An indicator is a summary measure of a particular issue designed to help us monitor and evaluate trends and factors in health. They can

  • help us understand a specific issue
  • make comparisons over time and between areas or groups of people
  • inform decision making on that issue.

For example, indicators are commonly used in health need assessments and in the evaluation of health services and interventions.

The Scottish Public Health Observatory’s (ScotPHO) community health profiles are a good starting point for identifying indicators because they have already been developed. The profiles present a range of indicators to give an overview of health and its wider determinants at a local level.

Each profile offers a snapshot for each of the areas and highlights the information using data visualisations.

You can develop your own indicators using a large amount of publicly available data for Scotland. However, developing a new indicator can be time consuming, so it is always worth checking what indicators are already available for your purposes.

What makes a good indicator?

Importance and relevance - Does the indicator meet your objectives or the question that you are trying to answer? For example, an indicator set focused on how health and social care services can reduce health inequalities should avoid including indicators that measure health outcomes which will largely be determined by the wider determinants of health.

Validity - Does the indicator measure what it claims to measure? For example, does an indicator claim to measure a health outcome, (e.g. reduction in smoking prevalence), but really measures a process or level of output.

Possibility - Are relevant data available for this indicator? For example, a Community Planning Partnership wants an indicator of social isolation at a locality level but finds that the survey from which this information is taken can only be reported at a national level.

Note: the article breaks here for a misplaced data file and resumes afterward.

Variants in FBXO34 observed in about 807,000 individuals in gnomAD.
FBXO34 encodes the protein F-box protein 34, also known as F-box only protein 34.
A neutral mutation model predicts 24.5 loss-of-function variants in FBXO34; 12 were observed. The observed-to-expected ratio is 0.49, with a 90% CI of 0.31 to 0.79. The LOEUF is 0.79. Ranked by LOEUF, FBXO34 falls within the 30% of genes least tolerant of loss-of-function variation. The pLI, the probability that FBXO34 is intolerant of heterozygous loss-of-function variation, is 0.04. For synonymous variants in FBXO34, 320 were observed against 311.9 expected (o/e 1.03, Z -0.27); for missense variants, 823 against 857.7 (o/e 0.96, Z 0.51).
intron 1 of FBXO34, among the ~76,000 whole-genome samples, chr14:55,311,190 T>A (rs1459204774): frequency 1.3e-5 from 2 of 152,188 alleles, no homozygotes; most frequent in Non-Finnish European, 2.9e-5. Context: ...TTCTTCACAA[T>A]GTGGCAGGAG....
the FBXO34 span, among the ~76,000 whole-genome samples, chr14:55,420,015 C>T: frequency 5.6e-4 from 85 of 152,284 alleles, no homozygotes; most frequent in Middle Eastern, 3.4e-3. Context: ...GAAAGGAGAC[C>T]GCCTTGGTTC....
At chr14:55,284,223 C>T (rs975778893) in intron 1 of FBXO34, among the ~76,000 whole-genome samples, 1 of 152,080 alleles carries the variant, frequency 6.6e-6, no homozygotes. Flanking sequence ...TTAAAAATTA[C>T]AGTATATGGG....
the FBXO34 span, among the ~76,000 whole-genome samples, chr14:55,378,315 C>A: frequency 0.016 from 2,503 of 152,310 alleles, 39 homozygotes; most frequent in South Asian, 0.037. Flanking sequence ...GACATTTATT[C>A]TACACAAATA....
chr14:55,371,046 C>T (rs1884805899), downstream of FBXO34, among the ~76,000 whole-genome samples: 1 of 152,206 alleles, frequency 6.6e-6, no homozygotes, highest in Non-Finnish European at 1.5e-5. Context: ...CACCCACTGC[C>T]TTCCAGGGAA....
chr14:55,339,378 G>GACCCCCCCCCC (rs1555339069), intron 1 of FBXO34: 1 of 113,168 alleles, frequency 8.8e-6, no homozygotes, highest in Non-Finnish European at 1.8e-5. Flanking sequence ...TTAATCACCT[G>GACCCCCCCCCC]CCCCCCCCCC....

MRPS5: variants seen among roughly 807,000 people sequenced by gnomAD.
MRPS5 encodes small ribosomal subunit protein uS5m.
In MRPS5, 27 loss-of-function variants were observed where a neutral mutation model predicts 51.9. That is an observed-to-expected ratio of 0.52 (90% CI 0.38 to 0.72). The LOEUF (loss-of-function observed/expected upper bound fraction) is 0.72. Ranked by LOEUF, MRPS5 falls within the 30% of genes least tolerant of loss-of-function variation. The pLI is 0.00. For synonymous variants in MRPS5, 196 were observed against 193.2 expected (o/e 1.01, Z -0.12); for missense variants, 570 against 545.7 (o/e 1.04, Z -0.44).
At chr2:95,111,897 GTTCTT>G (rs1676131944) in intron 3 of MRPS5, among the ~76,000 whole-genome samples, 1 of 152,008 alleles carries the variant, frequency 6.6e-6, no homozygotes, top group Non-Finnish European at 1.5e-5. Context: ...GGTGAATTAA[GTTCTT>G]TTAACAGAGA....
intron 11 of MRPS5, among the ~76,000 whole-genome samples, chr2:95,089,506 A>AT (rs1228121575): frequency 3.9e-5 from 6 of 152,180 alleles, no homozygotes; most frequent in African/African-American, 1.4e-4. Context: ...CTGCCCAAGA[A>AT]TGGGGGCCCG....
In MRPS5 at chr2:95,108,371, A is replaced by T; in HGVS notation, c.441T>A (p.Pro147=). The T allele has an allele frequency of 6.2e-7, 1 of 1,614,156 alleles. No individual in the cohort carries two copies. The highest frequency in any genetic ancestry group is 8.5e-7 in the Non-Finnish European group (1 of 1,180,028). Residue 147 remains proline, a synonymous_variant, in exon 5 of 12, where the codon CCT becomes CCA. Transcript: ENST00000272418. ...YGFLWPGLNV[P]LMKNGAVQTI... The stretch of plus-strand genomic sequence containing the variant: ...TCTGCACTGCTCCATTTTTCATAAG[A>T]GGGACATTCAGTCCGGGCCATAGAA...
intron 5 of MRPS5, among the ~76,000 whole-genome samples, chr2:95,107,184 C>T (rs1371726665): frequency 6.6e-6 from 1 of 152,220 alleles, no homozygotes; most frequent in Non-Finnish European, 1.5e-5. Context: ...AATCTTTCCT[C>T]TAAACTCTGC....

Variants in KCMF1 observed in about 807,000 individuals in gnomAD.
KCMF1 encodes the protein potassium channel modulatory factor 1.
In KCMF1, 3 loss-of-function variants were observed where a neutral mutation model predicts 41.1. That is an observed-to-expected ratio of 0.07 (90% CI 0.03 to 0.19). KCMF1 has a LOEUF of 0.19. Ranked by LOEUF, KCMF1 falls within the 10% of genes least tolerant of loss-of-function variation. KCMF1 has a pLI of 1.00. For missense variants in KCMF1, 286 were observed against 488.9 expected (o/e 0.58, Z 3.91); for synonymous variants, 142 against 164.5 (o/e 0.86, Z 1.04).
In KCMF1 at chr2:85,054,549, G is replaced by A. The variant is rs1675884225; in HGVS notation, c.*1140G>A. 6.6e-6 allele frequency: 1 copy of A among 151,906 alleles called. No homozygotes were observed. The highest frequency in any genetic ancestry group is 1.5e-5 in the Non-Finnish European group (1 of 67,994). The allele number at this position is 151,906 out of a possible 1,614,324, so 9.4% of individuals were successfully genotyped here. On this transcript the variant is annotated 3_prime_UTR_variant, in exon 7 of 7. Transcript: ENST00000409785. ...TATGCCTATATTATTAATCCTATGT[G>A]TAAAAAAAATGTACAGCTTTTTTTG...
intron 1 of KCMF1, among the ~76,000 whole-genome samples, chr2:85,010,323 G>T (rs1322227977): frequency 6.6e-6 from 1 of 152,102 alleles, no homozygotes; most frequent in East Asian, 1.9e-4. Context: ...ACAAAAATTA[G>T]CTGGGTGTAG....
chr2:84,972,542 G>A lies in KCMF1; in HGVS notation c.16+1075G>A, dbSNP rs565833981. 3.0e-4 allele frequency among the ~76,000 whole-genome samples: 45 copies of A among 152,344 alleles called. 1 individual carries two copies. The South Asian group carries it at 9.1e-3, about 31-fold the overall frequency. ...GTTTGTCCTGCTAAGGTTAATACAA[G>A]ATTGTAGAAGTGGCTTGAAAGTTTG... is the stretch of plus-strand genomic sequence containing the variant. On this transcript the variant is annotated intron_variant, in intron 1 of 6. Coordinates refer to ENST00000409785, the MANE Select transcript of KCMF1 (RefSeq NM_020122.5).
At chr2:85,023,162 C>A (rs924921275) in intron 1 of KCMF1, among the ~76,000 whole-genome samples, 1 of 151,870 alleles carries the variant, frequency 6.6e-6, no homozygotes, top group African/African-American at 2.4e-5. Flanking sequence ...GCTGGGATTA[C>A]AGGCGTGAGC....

Meaning - How accurately is the indicator measured? Is the meaning of an indicator consistent over time? How should we interpret what the indicator is telling us?

Implications - What can be done as a result of reporting this indicator? Do we have evidence about what works? Can we influence decision making on this issue?

NHS England provides a useful guide on the key principles behind developing, understanding and using indicators.

Developing a good indicator

If no suitable indicator currently exists, it may be necessary to develop one. Indicators must be as specific as possible with respect to a particular issue, in order to maximize the usefulness of the information for decision-making. A well defined indicator should include information on

  • indicator title
  • full definition
  • geographies reported
  • time range and frequency of updates
  • importance
  • interpretation.

It is worth spending time on developing these definitions and consulting stakeholders about the value of the indicator before collecting data.

You can use ScotPHO Profiles Technical Reports to see the information you will need when you want to develop your own indicators.

Indicators, variation and inequalities

A good indicator will allow you to assess whether observed differences are likely to be real or due to chance. Real differences in indicators can be due to the age and sex of the population but can also reflect real need.

If you are comparing an indicator across populations, it is important to understand

  • the range of factors that have an influence including age, sex, deprivation
  • how all of the determinants of health impact on the population.

Health inequalities are a particular form of difference across and between social groups which are unnatural, unfair and avoidable. Where health inequalities exist, referring to them explicitly rather than by the more generic term of variation can help emphasise this point.

A common approach to measuring variation is the use of confidence intervals. This gives an indication of the range of values we would commonly expect to see our indicator sit within. A range of other statistical process control methods can be adopted for more rigorous analysis.

To find out more about confidence intervals and statistical process control methods, see Public health England’s fingertips profiles technical resources (external website).